Gout Isn't Always Easy to Prove: CT Scans Help Catch Cases Traditional Test Misses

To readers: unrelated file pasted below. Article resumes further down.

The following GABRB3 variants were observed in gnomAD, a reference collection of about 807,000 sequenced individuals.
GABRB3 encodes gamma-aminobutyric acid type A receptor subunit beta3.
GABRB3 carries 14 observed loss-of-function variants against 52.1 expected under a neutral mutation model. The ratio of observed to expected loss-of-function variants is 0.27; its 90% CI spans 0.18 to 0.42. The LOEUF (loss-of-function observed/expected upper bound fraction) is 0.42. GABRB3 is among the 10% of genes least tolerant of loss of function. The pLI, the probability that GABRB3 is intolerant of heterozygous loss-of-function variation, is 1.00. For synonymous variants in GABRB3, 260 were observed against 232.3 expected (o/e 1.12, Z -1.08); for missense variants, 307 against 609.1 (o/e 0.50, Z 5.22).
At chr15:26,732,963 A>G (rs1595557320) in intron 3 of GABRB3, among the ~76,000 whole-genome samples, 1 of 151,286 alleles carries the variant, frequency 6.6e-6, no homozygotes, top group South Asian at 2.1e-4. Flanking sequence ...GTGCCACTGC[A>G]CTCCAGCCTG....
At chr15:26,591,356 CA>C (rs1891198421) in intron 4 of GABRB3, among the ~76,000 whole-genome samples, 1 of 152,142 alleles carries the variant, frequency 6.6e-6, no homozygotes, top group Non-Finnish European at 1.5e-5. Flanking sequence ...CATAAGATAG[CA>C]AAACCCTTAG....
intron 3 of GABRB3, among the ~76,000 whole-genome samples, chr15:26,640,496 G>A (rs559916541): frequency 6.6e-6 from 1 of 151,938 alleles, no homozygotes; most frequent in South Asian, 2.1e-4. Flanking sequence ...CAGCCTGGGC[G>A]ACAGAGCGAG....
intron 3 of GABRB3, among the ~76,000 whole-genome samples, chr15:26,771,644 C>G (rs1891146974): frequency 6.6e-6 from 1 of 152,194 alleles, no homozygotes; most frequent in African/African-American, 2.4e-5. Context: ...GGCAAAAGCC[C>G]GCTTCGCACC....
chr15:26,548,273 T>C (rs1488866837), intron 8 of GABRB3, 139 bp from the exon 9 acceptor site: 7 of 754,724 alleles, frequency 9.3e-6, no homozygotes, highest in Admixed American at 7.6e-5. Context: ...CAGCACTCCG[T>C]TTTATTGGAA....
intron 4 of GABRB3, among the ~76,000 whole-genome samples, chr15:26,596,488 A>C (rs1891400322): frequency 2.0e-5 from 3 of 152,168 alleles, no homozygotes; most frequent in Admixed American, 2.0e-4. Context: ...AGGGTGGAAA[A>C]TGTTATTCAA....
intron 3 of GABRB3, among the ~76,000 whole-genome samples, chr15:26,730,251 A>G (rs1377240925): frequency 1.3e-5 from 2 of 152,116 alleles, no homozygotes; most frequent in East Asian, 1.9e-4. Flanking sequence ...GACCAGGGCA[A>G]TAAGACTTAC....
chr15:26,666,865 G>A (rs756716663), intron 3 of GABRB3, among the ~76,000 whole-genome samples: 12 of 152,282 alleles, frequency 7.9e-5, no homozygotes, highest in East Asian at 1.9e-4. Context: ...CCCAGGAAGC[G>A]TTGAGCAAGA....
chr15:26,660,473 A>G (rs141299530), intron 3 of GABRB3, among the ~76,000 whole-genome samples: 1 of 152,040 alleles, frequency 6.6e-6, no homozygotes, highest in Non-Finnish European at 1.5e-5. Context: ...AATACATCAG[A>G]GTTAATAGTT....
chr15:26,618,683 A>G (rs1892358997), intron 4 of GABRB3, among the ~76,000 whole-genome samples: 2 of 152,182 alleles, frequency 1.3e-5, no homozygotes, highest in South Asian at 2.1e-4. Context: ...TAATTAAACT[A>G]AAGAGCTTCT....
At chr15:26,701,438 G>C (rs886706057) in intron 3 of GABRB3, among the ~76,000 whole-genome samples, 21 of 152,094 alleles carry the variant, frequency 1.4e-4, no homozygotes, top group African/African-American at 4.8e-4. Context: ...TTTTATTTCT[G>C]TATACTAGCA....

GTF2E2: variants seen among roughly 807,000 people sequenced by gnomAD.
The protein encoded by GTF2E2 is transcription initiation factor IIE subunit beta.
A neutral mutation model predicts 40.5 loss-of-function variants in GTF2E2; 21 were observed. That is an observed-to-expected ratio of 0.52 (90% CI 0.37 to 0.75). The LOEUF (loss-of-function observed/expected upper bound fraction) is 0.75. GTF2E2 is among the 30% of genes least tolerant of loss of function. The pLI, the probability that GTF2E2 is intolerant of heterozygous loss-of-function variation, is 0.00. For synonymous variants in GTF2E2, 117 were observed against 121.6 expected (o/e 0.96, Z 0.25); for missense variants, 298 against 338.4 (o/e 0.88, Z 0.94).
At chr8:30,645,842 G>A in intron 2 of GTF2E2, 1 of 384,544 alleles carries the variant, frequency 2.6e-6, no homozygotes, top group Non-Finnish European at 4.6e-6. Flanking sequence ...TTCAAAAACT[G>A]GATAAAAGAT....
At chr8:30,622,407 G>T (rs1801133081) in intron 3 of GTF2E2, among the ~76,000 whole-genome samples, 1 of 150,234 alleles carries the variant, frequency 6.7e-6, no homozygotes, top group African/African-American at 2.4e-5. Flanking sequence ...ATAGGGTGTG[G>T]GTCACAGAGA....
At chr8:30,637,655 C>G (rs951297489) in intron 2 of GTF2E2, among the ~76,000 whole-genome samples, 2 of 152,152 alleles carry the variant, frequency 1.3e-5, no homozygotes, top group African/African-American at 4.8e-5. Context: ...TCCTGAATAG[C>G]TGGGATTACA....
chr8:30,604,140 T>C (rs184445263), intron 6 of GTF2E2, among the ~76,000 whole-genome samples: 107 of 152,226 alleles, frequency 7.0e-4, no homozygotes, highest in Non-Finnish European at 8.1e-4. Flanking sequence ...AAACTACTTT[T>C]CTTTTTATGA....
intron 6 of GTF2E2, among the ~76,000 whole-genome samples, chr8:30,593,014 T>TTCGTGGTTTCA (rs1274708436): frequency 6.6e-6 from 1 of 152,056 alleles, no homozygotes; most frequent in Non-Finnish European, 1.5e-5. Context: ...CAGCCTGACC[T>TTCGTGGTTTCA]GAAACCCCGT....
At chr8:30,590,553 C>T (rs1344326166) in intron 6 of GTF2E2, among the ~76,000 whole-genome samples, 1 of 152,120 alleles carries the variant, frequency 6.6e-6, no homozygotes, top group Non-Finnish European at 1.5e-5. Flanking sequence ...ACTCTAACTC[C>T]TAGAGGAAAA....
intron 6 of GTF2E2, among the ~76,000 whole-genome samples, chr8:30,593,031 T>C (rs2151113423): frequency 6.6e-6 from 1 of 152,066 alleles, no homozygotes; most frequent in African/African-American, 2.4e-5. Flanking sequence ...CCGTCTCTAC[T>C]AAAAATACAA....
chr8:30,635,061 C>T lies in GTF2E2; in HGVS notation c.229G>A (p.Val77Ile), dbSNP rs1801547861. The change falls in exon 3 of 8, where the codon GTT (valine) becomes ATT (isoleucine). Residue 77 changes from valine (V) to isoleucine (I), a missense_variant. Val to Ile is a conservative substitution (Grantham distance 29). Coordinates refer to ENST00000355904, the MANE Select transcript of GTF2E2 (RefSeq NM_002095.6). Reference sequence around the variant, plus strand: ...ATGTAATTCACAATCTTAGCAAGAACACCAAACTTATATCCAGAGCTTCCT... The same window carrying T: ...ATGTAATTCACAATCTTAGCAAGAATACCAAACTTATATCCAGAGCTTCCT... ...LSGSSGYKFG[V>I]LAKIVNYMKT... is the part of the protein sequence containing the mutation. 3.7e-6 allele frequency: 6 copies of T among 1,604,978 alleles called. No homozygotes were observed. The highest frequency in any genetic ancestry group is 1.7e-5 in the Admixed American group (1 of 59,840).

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Gout is on the rise among U.S. men and women, and this piercingly painful and most common form of inflammatory arthritis is turning out to be more complicated than had been thought. The standard way to check for gout is by drawing fluid or tissue from an affected joint and looking for uric acid crystals, a test known as a needle aspirate. That usually works, but not always: In a new Mayo Clinic study, X-rays known as dual-energy CT scans found gout in one-third of patients whose aspirates tested negative for the disease. The CT scans allowed rheumatologists to diagnose gout and treat those patients with the proper medication. The results are published in the Annals of the Rheumatic Diseases, the European League Against Rheumatism journal. Dr. Tim Bongartz discusses the study. For more information, go to the Mayo Clinic News Network.